The Art of Fable 2

Lionhead's artists down brushes for a pre-release chat.

Fable 2 is so close, you can almost taste it. After what seemed like endless delays and date slips, the first game won the hearts of many with its charming presentation, surprisingly open world and the ability to be a bisexual bigamist who sacrificed innocent villagers. At least that's how we played it.

So with a far more controlled development schedule and a vastly more powerful console at its disposal, it's no wonder we're a bit excited about Fable 2. For the team behind it, though, it's been a remarkable challenge and a labour of love, and a few weeks ago we got to sit down with two of the men most directly responsible for the game's unique look - technical art director Ian Lovett, and lead concept artist Mike McCarthy - for a frank chat about art, technology and sleepless nights.

And this may also be about the only Fable interview you read which doesn't even mention the bloody dog, so savour it.

Eurogamer: You moved straight from Fable on the Xbox to Fable 2 on the 360. What was it like taking a visual style developed for one generation of hardware and trying to make it work on the next?

Ian Lovett: We looked back at what was good about Fable - that's the first thing you do. I always felt that Fable was about these incredible, lush, green environments, and about really quirky characters. Not necessarily the most beautifully realised characters - but there was lots of personality there. It had a certain atmosphere to it that we wanted to recreate.

Once we had our pillars, our visual pillars, then we sat down and talked about how we wanted to re-imagine it. We did a horribly wanky thing, actually, which is that we came up with a visual mission statement. Although it's awful, nasty, business yuck, what it helped us do was to concentrate our thinking into how we'd really describe it. Secondly, it helped us to sell it up the chain. You know, Microsoft weren't just going to rock up with a fat chequebook of X million, or whatever, and say "hey guys, go ahead, we're going to take a punt on you despite the fact that you were years late with Fable - do another one for us!"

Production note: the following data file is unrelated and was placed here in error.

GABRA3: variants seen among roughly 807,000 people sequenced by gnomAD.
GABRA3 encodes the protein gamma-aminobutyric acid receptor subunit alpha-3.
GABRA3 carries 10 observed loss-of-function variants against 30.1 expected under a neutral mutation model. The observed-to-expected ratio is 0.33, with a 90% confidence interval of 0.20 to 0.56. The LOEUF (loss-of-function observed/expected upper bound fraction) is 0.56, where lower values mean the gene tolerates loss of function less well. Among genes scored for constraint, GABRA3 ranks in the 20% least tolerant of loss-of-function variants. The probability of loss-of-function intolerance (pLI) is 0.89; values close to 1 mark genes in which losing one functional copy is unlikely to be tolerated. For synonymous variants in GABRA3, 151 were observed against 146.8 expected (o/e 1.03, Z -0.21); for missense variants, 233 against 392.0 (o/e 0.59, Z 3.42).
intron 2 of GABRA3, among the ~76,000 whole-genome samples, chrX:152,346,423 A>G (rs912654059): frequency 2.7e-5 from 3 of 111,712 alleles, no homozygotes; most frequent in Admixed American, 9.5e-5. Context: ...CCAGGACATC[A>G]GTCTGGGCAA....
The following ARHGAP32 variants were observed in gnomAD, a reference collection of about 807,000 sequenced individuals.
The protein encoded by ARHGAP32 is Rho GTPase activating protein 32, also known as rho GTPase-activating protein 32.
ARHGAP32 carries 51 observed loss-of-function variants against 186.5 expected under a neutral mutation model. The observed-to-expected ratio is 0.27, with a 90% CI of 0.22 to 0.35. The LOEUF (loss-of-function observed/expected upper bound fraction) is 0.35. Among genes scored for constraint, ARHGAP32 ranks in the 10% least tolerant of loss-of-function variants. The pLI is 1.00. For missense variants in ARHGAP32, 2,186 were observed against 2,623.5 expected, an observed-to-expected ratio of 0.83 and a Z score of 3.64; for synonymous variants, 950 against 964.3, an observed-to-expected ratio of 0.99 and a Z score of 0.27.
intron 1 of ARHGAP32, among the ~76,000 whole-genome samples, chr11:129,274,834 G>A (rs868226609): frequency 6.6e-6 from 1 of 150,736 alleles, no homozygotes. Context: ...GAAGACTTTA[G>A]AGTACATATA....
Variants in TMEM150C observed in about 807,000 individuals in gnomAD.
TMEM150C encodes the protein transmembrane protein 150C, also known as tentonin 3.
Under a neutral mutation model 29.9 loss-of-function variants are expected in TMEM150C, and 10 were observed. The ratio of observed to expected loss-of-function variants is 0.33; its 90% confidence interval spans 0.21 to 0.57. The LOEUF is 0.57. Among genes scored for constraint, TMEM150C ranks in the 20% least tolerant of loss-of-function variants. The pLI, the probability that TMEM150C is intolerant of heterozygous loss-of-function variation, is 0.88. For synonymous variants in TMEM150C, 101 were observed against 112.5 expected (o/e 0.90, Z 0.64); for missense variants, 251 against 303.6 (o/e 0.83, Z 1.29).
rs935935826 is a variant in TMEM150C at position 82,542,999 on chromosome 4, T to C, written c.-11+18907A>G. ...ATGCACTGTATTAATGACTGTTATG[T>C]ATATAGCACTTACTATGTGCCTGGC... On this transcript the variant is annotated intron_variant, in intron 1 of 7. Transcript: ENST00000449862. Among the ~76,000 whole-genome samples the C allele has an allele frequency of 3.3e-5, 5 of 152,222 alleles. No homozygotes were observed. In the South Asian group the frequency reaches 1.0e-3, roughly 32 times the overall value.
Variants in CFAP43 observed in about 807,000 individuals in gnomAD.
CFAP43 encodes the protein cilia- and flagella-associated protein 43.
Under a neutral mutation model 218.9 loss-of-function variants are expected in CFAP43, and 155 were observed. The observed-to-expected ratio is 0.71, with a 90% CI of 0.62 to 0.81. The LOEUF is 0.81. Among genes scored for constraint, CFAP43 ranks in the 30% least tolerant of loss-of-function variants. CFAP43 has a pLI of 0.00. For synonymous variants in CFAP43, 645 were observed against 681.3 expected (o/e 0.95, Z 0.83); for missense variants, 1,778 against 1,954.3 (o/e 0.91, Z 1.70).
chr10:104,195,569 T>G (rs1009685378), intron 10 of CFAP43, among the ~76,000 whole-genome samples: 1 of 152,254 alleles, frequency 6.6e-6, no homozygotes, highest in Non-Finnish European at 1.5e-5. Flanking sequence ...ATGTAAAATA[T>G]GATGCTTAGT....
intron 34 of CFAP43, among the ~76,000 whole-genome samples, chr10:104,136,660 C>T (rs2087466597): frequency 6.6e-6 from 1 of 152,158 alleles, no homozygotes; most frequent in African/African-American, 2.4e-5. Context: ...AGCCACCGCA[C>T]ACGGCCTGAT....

What we decided was that we wanted Fable 2 to be like Fable, but done by Ridley Scott. That was our mission statement. The idea behind that is that Microsoft understand Ridley Scott, they understand that this means that we wanted to mature the franchise a little bit. Not losing its charm, but basically trying to grow it up ever so slightly. I think that fits in very well with the jump from Xbox to 360. It's not that it's a change in audience - it's just a new layer of sophistication.

Oh, and we made the feet smaller.

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"We brought in the proportions of everything, so it isn't quite as cartoony - a slight movement towards reality," concept artist Mike McCarthy explains.

Mike McCarthy: Yeah, we made the feet and the hands smaller. We brought in the proportions of everything, so it isn't quite as cartoony - a slight movement towards reality. We do know that whenever you do that with a successful product, you've got to be aware that this is the stuff that people like about it, so you've got to keep that in mind.